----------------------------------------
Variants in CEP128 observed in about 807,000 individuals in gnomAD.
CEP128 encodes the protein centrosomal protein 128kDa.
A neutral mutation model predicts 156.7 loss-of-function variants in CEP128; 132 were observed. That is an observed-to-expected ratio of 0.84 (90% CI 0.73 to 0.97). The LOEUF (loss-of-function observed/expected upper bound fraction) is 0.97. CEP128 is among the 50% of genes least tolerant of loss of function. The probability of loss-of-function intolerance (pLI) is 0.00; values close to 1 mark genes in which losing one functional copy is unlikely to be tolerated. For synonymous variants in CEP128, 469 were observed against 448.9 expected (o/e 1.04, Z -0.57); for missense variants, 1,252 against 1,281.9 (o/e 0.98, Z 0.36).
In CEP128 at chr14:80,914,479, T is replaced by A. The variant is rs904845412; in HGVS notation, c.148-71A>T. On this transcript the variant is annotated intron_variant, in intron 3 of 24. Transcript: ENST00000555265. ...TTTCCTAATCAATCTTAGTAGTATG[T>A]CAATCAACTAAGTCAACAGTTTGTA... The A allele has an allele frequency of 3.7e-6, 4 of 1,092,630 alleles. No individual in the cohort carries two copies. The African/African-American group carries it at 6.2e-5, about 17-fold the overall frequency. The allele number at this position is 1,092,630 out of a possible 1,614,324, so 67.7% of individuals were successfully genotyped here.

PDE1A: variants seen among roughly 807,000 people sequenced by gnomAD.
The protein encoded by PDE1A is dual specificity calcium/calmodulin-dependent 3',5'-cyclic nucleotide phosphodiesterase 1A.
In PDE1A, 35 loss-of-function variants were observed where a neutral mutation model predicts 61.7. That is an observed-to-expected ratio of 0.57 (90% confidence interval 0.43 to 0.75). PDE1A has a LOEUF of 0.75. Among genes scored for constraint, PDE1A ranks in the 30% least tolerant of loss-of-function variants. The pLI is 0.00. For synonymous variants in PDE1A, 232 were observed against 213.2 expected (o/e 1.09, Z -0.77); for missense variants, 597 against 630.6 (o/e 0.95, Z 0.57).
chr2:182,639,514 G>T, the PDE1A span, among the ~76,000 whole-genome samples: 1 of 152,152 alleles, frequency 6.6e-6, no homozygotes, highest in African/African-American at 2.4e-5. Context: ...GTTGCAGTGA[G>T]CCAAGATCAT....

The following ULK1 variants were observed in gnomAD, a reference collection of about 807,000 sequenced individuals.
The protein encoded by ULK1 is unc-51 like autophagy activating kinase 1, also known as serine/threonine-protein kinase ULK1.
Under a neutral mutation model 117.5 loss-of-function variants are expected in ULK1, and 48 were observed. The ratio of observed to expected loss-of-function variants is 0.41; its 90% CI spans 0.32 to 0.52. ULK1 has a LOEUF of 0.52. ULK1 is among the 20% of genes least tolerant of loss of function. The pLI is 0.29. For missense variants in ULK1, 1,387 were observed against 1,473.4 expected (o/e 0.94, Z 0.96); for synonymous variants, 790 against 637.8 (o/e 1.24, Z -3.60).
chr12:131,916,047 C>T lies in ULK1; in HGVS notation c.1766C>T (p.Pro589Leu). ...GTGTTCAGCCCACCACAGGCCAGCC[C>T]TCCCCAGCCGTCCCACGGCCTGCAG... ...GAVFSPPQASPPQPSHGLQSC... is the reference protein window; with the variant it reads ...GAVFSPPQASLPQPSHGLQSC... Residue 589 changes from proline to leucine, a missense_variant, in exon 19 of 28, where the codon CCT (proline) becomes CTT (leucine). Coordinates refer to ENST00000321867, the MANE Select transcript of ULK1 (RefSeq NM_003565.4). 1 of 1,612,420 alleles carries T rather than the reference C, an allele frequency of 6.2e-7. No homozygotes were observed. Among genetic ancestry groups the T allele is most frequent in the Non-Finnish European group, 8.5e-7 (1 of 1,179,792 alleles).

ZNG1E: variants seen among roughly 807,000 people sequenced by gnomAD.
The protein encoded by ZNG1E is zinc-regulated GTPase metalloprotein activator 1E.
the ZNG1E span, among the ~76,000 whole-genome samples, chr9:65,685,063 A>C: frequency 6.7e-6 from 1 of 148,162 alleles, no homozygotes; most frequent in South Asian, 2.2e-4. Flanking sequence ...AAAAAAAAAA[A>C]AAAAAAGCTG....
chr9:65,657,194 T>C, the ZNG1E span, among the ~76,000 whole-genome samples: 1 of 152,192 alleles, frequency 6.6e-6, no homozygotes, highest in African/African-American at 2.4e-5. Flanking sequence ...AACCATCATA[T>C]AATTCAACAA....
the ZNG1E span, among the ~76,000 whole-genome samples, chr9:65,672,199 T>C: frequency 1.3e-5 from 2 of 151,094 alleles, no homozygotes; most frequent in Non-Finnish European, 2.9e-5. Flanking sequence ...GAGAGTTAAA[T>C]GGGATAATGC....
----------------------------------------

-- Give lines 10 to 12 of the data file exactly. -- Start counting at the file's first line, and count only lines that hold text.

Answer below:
The protein encoded by ULK1 is unc-51 like autophagy activating kinase 1, also known as serine/threonine-protein kinase ULK1.
Under a neutral mutation model 117.5 loss-of-function variants are expected in ULK1, and 48 were observed. The ratio of observed to expected loss-of-function variants is 0.41; its 90% CI spans 0.32 to 0.52. ULK1 has a LOEUF of 0.52. ULK1 is among the 20% of genes least tolerant of loss of function. The pLI is 0.29. For missense variants in ULK1, 1,387 were observed against 1,473.4 expected (o/e 0.94, Z 0.96); for synonymous variants, 790 against 637.8 (o/e 1.24, Z -3.60).
chr12:131,916,047 C>T lies in ULK1; in HGVS notation c.1766C>T (p.Pro589Leu). ...GTGTTCAGCCCACCACAGGCCAGCC[C>T]TCCCCAGCCGTCCCACGGCCTGCAG... ...GAVFSPPQASPPQPSHGLQSC... is the reference protein window; with the variant it reads ...GAVFSPPQASLPQPSHGLQSC... Residue 589 changes from proline to leucine, a missense_variant, in exon 19 of 28, where the codon CCT (proline) becomes CTT (leucine). Coordinates refer to ENST00000321867, the MANE Select transcript of ULK1 (RefSeq NM_003565.4). 1 of 1,612,420 alleles carries T rather than the reference C, an allele frequency of 6.2e-7. No homozygotes were observed. Among genetic ancestry groups the T allele is most frequent in the Non-Finnish European group, 8.5e-7 (1 of 1,179,792 alleles).